The number of staff isn’t the most important thing, but it’s good to know what your support system will be.
• Can you get clear information about things that matter to you? Everyone has different things they care about. It may be very important to you to know what food is available. You may want to be sure about any additional costs, or that your phone will work where you’re going, or that you’re able to purchase a certain medicine if yours runs out.
Ask those questions, and anything you’re nervous about. Your program should be able to give you clear, direct answers.
• Can you get the financial support you need? Study abroad doesn’t have to just be for “rich kids.” With careful planning, most students can study abroad. There are scholarships and grants available, and financial aid, and some programs can help you with payment plans. If you find your dream program, talk to them about options. Showing that you are willing to work to make it possible will help them to share opportunities with you.
3. Share Your Concerns — and If They Don’t Listen, Bail
If you are worried about something, share it with your program advisor or director. If someone in the group is treating you badly, or you are feeling anxious or confused or the trip isn’t what you had in mind, talk to someone on the staff about your concerns. They may not be able to fix everything, but having someone listen and advocate for your feelings is important.
If you feel unsafe, uncared for or at risk, or if you aren’t finding the program to be healthy for you, don’t be guilted into staying. It’s OK to say, “I tried this but it isn’t for me. I will try again another time.” Generally with short-term programs, you will find that you can stick it out and have a nice time. But if you’ve gone abroad for a semester or year and you are unsafe or feel that there is danger not being addressed, you should speak up and you should feel like you can ask for help in changing your plans.
4. Have a Plan
Having a plan is the key to removing the stress from a study abroad experience. Get a packing list early and follow it, and ask questions if you’re unsure if something is necessary or what it’s for. Understand all the payments and program expenses and plan ahead for your fundraising and payment goals — that will help you avoid unnecessary stress and also late fees and rush fees, which can add up!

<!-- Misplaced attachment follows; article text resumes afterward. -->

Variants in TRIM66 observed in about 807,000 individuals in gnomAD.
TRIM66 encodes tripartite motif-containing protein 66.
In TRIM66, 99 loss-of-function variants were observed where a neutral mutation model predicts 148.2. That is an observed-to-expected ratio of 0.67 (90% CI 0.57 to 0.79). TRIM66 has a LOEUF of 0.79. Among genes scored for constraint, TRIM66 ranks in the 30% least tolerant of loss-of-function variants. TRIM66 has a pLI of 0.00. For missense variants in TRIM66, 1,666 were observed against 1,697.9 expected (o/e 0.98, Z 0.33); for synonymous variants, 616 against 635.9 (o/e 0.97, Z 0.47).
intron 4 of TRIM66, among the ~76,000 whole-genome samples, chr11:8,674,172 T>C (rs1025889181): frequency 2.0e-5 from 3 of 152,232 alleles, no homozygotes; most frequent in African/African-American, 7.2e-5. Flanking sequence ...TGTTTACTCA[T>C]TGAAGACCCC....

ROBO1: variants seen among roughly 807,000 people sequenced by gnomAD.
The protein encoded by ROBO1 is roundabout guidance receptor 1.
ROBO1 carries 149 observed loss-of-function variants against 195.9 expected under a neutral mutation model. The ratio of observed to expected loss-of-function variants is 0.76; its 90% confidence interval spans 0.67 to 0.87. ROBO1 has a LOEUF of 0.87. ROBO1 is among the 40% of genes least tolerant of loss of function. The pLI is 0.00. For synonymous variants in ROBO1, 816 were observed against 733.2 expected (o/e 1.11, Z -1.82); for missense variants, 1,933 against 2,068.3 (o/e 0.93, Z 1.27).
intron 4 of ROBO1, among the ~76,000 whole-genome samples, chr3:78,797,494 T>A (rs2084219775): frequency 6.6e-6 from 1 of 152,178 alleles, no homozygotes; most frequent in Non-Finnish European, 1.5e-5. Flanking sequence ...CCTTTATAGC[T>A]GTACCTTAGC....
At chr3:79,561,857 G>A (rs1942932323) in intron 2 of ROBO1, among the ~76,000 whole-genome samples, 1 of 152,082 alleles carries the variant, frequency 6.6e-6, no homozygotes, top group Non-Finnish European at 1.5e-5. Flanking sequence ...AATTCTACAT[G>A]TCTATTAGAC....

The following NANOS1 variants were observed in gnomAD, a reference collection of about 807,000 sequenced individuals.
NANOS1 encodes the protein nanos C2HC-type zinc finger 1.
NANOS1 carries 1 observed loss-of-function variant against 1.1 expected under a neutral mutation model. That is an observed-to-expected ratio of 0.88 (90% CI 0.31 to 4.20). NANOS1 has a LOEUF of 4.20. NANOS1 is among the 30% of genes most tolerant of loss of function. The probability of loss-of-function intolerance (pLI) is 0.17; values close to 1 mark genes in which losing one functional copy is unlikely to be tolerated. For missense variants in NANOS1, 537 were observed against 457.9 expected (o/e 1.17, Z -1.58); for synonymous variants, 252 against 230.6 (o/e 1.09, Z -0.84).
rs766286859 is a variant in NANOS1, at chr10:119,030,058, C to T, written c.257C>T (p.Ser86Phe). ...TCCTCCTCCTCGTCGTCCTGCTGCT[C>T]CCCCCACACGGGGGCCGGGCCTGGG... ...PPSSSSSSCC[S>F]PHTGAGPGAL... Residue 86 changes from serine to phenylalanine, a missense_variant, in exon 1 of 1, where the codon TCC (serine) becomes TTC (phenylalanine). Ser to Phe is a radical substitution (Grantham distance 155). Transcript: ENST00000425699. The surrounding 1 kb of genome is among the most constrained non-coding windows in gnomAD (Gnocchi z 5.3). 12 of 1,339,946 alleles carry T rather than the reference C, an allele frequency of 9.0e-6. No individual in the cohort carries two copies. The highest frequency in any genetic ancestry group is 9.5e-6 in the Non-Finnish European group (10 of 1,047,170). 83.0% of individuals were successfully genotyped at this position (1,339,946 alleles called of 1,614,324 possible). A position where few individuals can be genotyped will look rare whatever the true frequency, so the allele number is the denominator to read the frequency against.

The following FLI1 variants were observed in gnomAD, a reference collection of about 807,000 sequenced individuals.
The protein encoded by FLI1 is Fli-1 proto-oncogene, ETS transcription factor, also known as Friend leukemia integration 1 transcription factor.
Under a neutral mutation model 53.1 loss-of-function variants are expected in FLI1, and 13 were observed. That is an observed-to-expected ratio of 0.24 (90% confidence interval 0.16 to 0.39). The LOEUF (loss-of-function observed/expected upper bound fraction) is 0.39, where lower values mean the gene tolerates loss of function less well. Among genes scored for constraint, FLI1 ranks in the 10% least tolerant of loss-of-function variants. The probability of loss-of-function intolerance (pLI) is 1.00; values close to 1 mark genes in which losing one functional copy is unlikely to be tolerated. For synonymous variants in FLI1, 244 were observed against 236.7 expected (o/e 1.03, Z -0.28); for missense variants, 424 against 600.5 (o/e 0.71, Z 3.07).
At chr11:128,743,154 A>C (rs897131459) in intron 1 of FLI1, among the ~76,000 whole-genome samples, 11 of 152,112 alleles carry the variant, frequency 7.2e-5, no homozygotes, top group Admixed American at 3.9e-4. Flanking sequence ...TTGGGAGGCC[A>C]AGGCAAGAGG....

Provide for yourself in the ways that make you feel comfortable and secure. Maybe that means bringing a box of your favorite protein bars, your favorite blanket from home or a global cell phone plan so you can call home. Maybe it means looking at the airport map ahead of time or writing down some key phrases in the local language. Think of what brings you support and stability when things are hard, and plan for that. If you know that you sometimes need time alone, or that you like to get up early, share that with your group and do what you can to seek out what you need.
Expect that you will experience culture shock and/or jet lag, and that those things may make you feel tired, irritable, moody, homesick and even ill for the first few days of your trip. Plan for some self-care and don’t let it derail your trip. You can acknowledge it by telling yourself, “OK, this is culture shock, and I feel alone and lost, but I knew this was coming. I am going to go through the motions for just today, and tomorrow I will feel better.” Culture shock is real and so are the tears, stomach pains, irritability or whatever symptoms you experience. But you can bond with your group about it! It’s easier if you know it’s coming and that feeling lousy for a day or two doesn’t mean that you’ll hate your group, our program or your experience. Your program staff should be able to help you find your footing and start to enjoy your program if you’re having a hard time.
5. Try Again
Sometimes you find the perfect trip on the first try — awesome! Maybe you’ll travel with them again, or maybe you’ll try something new next time.
But sometimes it’s tough, and you come home exhausted. Don’t make any decisions yet. The first time abroad is like the first time you go running; it will be easier next time. If you know it’s for you but you just aren’t there yet, don’t stop! And when you start planning your next trip and someone laughs and says, “Again? You complained so much last time!” you can smile and say, “Part of growing as a person is trying things more than once. I can complain when something is hard and still have a positive experience.” (OK, you will be thinking something a lot meaner than that, but that person can hush, because you’re doing it!)
Studying abroad is worth it. Travel is worth it. But it’s hard! Like most things worth doing, it takes planning, perseverance and a willingness to change. When I was 21, I hadn’t left North America, and even the idea of spicy food horrified me — traveling alone seemed impossible. Now, I’ve been to all seven continents and one-third of the countries in the world, many of them alone, and travel has brought me some of my best experiences and introduced me to some of my best friends. Be proud of yourself for being willing to explore the idea of travel abroad, and treat it like the marathon it is by making a plan, taking care of yourself, getting the information you need to thrive, finding the right program for you and knowing that the first time won’t go perfectly — but that’s OK!